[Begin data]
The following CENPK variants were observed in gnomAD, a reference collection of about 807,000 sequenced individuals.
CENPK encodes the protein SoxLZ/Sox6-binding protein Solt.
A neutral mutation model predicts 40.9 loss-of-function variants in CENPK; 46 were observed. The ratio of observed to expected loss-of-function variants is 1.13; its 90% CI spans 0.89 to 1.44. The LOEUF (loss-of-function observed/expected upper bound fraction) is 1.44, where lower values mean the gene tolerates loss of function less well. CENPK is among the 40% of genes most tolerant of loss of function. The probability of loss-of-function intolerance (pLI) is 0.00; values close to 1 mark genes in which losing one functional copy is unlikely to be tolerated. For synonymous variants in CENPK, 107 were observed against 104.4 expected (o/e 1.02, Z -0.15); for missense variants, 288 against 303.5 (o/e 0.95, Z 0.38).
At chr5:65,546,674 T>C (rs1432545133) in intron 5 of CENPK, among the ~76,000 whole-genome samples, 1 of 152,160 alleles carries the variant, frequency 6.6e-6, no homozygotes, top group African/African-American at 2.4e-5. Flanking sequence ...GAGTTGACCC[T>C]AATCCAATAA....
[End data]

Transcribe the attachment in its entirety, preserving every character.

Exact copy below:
The following CENPK variants were observed in gnomAD, a reference collection of about 807,000 sequenced individuals.
CENPK encodes the protein SoxLZ/Sox6-binding protein Solt.
A neutral mutation model predicts 40.9 loss-of-function variants in CENPK; 46 were observed. The ratio of observed to expected loss-of-function variants is 1.13; its 90% CI spans 0.89 to 1.44. The LOEUF (loss-of-function observed/expected upper bound fraction) is 1.44, where lower values mean the gene tolerates loss of function less well. CENPK is among the 40% of genes most tolerant of loss of function. The probability of loss-of-function intolerance (pLI) is 0.00; values close to 1 mark genes in which losing one functional copy is unlikely to be tolerated. For synonymous variants in CENPK, 107 were observed against 104.4 expected (o/e 1.02, Z -0.15); for missense variants, 288 against 303.5 (o/e 0.95, Z 0.38).
At chr5:65,546,674 T>C (rs1432545133) in intron 5 of CENPK, among the ~76,000 whole-genome samples, 1 of 152,160 alleles carries the variant, frequency 6.6e-6, no homozygotes, top group African/African-American at 2.4e-5. Flanking sequence ...GAGTTGACCC[T>C]AATCCAATAA....